He was sober for six years. We got married three years into his sobriety. We have two children. His drinking made him lose his job last summer and now he does odd jobs. He is still in total denial about his drinking and simply tells me he is a loser.
I feel like I am dying inside. I wonder if our marriage and family can take any more.
I am thinking seriously about divorce because I feel he doesn’t want help. He doesn't want to change and tells me I don’t understand (I guess I don’t).
We have had many disagreements, arguments and some pretty ugly fights. How do I figure out when things are done? -- Unhappy Wife
DEAR WIFE: Your children have only one childhood. As their mother, you should do everything possible to ensure that theirs is safe, secure and as stable as possible. Look at your family through their eyes. This may help to clarify things for you.
Attend Al-Anon meetings. Al-Anon offers a community of support for family members and friends of alcoholics (check al-anon.alateen.org for local meetings).
Sobriety is a daily struggle, but it is also a triumph and a considerable accomplishment. If your husband started drinking in middle school, staying sober would be an extreme challenge — taken one day at a time. Unfortunately, you cannot get him there.
DEAR AMY: My boss and I are both in our early 50s and have been working together for more than 15 years.
My kids have graduated from college and my husband and I are working to save for retirement. Our home life is great.
On the other hand my boss is married to a very demanding gal. His business partner retired three years ago. The business is doing well, but every day is a grind and it is all on his shoulders.
It is just the two of us in the office. I've noticed he has started a new habit. He will come to my desk, sit down, and start an argument. At first I couldn’t figure out what was happening and we went round and round until I stopped it.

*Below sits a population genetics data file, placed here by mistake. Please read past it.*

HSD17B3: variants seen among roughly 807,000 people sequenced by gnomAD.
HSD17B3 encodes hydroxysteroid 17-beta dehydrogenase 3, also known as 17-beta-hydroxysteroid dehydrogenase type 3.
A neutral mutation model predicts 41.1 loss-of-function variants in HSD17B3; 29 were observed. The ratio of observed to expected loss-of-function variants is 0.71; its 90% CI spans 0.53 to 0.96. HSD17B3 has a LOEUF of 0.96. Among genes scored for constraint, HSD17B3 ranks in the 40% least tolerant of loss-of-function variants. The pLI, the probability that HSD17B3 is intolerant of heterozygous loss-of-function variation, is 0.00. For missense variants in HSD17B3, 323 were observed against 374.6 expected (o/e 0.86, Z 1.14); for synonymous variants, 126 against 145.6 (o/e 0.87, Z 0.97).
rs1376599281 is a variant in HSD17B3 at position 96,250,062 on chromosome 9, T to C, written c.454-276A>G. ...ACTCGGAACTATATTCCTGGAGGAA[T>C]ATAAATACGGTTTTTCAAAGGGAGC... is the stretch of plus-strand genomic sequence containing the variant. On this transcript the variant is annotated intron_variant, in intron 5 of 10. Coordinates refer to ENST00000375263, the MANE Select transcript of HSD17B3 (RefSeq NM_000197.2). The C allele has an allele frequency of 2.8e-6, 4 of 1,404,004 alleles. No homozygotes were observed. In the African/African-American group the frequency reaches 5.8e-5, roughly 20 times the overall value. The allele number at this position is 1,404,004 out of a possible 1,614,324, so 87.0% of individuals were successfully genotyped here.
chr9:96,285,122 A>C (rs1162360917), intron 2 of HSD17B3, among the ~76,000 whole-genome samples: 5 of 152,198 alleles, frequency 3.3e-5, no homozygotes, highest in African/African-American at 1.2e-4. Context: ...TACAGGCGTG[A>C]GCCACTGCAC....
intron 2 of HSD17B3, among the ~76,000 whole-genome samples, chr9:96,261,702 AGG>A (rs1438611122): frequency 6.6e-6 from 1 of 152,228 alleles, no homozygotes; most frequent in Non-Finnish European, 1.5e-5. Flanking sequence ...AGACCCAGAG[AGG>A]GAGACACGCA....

Recently I've been able to escape with an excuse that I had an errand to run. He is very passive aggressive about these arguments and tries to make me feel like I am causing them.
I have always loved my job but not so much lately. How can I help my boss stop this new habit? -- Looking for Easy Street
DEAR LOOKING: A passive-aggressive person will goad you into an argument and then wonder why you are so hot and bothered. When your boss does this, he is using the argument as a valve to release his pent-up anger and frustration.
This is not only inappropriate but very bad for business.
Ask for a meeting during a calm time. Tell him, “I know you are under a lot of stress and I want to try to help. But lately I have noticed that you have been behaving differently and it is really affecting my ability to do my job well.”
Tell him what you notice and give him a chance to change. If he can’t, avoidance isn’t a bad strategy.
DEAR AMY: For all of those stressed-out couples wondering whether to invite boozy family members to their weddings, my brother has a terrible drinking problem, and he always acts out when he is drunk.
Before our daughter’s wedding I met with him privately and told him we really wanted him to be with us but that if he drank at all at the wedding we would ask him to leave.
I was so proud of him. He showed up and was a perfect gentleman. -- Proud Brother
DEAR BROTHER: Your approach was firm but compassionate. I’m so happy this worked out.
Write to Amy Dickinson at email@example.com or Ask Amy, Chicago Tribune, TT500, 435 N. Michigan Ave., Chicago, Ill. 60611.
2012 by the Chicago Tribune
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